Observing Where We Are, How We Got Here, & What is Next

Posted by Jennifer Bransom On March - 15 - 2012

Jennifer Bransom

Bringing people together to partner on a hot-button issue such as quality is tricky. And that, my friends, is an understatement, wouldn’t you agree?

When navigating these waters it’s important to chart where you’ve been and how you arrived where you are.

Over the past two years Big Thought, with the support of The Wallace Foundation, has digitally documented our community’s quality teaching and learning work at Creating Quality. We hope this site will serve as a place for community dialogue and sharing, both locally and nationally.

All of the material in the Tools and Resource Library (e.g., letters, reports, templates) that were created in Dallas can be downloaded and edited per your needs. This is because we don’t imagine that quality looks the same in any two places.

Ownership of quality is essential. And, ownership only comes when you, as a fully engaged partner, have defined quality in terms that you are prepared to support. Then, and only then, can you assess and make investments to advance quality.

This is how the Dallas arts community embraced and folded-in district and community educators from the other four disciplines: English/language arts, math, science, and social studies. Read the rest of this entry »

The Parallels of Quality Dining and Quality Arts Education

Posted by Jennifer Bransom On March - 12 - 2012

Jennifer Bransom

First, let me confess that I’m trapped on a plane and hungry. I’m dreaming of a great dinner and hoping I can get a recommendation when my plane touches down.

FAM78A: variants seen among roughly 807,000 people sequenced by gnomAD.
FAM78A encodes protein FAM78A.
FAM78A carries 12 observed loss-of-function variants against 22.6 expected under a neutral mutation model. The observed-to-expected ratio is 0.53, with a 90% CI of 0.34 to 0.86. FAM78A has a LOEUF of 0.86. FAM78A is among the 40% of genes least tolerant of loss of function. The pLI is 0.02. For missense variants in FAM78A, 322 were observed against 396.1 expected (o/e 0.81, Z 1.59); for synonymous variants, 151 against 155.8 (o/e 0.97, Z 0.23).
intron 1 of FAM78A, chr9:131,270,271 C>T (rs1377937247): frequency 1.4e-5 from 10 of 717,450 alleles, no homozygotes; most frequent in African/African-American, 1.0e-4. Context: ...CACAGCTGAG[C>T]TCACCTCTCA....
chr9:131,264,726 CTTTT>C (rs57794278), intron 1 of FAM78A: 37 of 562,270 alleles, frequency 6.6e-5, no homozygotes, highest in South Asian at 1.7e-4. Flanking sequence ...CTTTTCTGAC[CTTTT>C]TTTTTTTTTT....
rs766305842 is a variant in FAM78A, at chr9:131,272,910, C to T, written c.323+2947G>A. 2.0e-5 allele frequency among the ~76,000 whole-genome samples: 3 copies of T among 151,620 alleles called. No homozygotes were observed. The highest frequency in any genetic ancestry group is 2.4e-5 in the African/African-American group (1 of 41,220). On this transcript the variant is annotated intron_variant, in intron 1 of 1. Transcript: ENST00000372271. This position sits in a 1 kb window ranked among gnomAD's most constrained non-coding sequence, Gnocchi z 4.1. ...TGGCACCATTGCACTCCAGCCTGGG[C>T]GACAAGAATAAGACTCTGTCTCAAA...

What does this have to do with quality arts education? Well, I’m hoping for a quality dining experience and here is how I imagine I’ll find it.

I’ll ask someone for a recommendation, and she’ll say, “Oh you should try (insert name of restaurant).” This begins a conversation that will teach me why this particular restaurant is being recommended. Is it because of the food, maybe even a particular menu item, or did my friend/cabbie also factor in service, ambiance, speed, cost, etc.?

A quality dining experience means different things to different people. Why should it be any different when we discuss quality arts education?

As I mentioned, and you’ve no doubt experienced, the question, “Can you recommend a restaurant?” is the beginning of a conversation. By listening and asking questions about what is being recommended and why it is better than some other restaurant, I get to know the person offering the suggestion and what she values.

Often (though not always) I feel that we, as arts educators, shy away from similar conversations about quality within our field. If you came to Dallas and asked me to recommend a restaurant, I’d definitely share some of my favorite places. And, it wouldn’t scar me for life if you disagreed with or didn’t visit any of my offerings. I know not everyone has the same tastes. Read the rest of this entry »

Wallace Studies Offer 21st Century Answers for Audience Engagement

Posted by Tim Mikulski On February - 15 - 2012